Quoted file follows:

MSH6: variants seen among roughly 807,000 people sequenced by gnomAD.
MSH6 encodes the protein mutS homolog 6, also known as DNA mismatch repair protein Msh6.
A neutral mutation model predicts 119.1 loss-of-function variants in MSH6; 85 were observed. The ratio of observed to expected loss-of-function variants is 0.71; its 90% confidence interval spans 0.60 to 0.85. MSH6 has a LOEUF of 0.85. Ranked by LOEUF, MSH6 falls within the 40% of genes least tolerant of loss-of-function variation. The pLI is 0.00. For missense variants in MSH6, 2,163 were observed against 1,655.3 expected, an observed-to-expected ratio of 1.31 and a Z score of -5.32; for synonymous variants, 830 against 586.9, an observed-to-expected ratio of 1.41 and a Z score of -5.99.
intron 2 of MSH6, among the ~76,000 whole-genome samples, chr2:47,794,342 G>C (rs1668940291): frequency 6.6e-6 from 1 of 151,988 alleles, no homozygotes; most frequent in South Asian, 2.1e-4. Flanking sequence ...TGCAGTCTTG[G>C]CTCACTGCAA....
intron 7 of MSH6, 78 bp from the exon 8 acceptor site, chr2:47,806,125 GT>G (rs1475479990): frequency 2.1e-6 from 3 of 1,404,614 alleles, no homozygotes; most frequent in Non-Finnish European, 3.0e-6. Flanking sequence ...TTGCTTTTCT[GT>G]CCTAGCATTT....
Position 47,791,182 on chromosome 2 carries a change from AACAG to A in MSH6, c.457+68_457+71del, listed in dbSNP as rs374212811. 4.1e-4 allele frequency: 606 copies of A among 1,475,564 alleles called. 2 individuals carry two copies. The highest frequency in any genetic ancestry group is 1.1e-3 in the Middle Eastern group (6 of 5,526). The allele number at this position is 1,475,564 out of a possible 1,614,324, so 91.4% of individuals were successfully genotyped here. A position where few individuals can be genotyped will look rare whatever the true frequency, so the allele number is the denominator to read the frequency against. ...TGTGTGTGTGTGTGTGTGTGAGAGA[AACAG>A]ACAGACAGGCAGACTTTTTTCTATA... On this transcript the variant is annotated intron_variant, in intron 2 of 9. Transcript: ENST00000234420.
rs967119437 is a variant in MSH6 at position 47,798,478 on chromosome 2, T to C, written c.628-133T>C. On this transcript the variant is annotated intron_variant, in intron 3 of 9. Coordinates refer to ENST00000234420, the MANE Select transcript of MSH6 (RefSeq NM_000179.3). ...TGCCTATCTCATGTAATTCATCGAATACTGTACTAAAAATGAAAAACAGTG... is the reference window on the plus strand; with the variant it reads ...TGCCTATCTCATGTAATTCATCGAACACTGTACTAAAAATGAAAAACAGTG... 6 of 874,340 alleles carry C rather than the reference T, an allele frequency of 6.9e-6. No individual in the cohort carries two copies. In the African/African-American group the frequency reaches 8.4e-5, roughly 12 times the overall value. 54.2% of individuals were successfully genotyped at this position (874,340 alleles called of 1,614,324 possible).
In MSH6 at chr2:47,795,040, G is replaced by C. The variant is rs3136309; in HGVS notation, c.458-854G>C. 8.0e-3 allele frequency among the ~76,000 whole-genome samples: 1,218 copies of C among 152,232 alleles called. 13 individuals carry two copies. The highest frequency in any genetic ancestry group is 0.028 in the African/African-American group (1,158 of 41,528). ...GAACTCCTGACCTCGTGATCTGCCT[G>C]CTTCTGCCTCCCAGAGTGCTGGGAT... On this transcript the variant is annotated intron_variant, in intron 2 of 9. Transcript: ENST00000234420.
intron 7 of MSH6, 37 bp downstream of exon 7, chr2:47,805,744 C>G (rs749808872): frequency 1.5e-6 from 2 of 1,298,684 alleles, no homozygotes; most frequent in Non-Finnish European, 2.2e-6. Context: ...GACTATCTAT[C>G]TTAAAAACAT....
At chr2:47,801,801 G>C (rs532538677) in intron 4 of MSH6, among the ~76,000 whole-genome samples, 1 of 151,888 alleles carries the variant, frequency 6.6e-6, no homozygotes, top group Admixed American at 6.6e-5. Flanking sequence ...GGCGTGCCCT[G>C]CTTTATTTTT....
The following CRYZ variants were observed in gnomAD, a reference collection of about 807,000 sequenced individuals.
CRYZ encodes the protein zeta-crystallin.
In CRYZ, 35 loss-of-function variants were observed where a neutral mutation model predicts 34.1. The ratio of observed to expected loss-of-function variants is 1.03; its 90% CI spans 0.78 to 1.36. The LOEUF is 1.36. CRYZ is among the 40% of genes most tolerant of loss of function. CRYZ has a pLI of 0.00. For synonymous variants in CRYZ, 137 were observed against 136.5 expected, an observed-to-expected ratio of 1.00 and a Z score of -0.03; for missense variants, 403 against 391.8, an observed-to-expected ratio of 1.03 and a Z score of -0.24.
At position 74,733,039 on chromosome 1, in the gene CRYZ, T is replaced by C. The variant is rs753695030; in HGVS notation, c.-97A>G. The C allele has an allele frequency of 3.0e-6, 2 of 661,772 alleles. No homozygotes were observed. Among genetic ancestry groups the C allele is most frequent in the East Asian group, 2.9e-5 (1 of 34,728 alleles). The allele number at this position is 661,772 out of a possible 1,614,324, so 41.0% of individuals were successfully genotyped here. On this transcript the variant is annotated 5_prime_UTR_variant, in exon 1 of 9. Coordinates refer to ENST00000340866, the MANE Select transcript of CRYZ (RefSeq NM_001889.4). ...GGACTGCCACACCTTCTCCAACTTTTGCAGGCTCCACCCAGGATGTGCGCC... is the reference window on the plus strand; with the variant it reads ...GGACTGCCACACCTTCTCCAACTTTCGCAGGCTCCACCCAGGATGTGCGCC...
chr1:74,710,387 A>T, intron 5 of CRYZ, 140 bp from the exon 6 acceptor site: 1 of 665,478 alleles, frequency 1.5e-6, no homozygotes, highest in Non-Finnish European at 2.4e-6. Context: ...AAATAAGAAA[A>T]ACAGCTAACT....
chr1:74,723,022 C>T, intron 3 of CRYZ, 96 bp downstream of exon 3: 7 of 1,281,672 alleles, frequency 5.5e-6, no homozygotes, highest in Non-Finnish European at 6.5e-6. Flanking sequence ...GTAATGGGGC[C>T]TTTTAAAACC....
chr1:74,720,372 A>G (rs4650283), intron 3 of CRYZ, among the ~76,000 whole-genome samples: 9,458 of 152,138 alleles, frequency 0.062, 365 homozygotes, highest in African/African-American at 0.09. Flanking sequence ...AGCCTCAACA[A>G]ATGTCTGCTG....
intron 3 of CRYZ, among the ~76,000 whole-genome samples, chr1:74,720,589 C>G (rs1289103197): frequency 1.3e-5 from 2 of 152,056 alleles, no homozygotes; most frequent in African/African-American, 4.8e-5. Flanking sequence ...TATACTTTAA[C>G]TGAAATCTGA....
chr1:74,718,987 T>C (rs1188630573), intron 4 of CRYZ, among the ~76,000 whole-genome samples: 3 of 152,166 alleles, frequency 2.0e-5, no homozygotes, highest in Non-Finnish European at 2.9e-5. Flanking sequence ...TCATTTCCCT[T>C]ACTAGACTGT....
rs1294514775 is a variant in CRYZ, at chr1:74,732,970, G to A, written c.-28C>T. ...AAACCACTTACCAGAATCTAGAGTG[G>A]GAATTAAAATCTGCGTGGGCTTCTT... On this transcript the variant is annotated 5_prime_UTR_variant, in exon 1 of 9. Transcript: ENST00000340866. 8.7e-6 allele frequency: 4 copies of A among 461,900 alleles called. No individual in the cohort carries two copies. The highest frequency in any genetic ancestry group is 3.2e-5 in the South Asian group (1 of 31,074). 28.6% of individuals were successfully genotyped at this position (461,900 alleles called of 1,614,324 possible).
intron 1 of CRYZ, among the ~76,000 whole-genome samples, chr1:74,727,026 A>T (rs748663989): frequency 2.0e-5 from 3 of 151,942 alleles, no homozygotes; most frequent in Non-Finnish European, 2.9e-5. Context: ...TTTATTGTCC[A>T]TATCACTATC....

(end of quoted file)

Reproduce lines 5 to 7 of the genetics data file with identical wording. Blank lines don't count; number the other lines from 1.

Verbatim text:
intron 7 of MSH6, 78 bp from the exon 8 acceptor site, chr2:47,806,125 GT>G (rs1475479990): frequency 2.1e-6 from 3 of 1,404,614 alleles, no homozygotes; most frequent in Non-Finnish European, 3.0e-6. Flanking sequence ...TTGCTTTTCT[GT>G]CCTAGCATTT....
Position 47,791,182 on chromosome 2 carries a change from AACAG to A in MSH6, c.457+68_457+71del, listed in dbSNP as rs374212811. 4.1e-4 allele frequency: 606 copies of A among 1,475,564 alleles called. 2 individuals carry two copies. The highest frequency in any genetic ancestry group is 1.1e-3 in the Middle Eastern group (6 of 5,526). The allele number at this position is 1,475,564 out of a possible 1,614,324, so 91.4% of individuals were successfully genotyped here. A position where few individuals can be genotyped will look rare whatever the true frequency, so the allele number is the denominator to read the frequency against. ...TGTGTGTGTGTGTGTGTGTGAGAGA[AACAG>A]ACAGACAGGCAGACTTTTTTCTATA... On this transcript the variant is annotated intron_variant, in intron 2 of 9. Transcript: ENST00000234420.
rs967119437 is a variant in MSH6 at position 47,798,478 on chromosome 2, T to C, written c.628-133T>C. On this transcript the variant is annotated intron_variant, in intron 3 of 9. Coordinates refer to ENST00000234420, the MANE Select transcript of MSH6 (RefSeq NM_000179.3). ...TGCCTATCTCATGTAATTCATCGAATACTGTACTAAAAATGAAAAACAGTG... is the reference window on the plus strand; with the variant it reads ...TGCCTATCTCATGTAATTCATCGAACACTGTACTAAAAATGAAAAACAGTG... 6 of 874,340 alleles carry C rather than the reference T, an allele frequency of 6.9e-6. No individual in the cohort carries two copies. In the African/African-American group the frequency reaches 8.4e-5, roughly 12 times the overall value. 54.2% of individuals were successfully genotyped at this position (874,340 alleles called of 1,614,324 possible).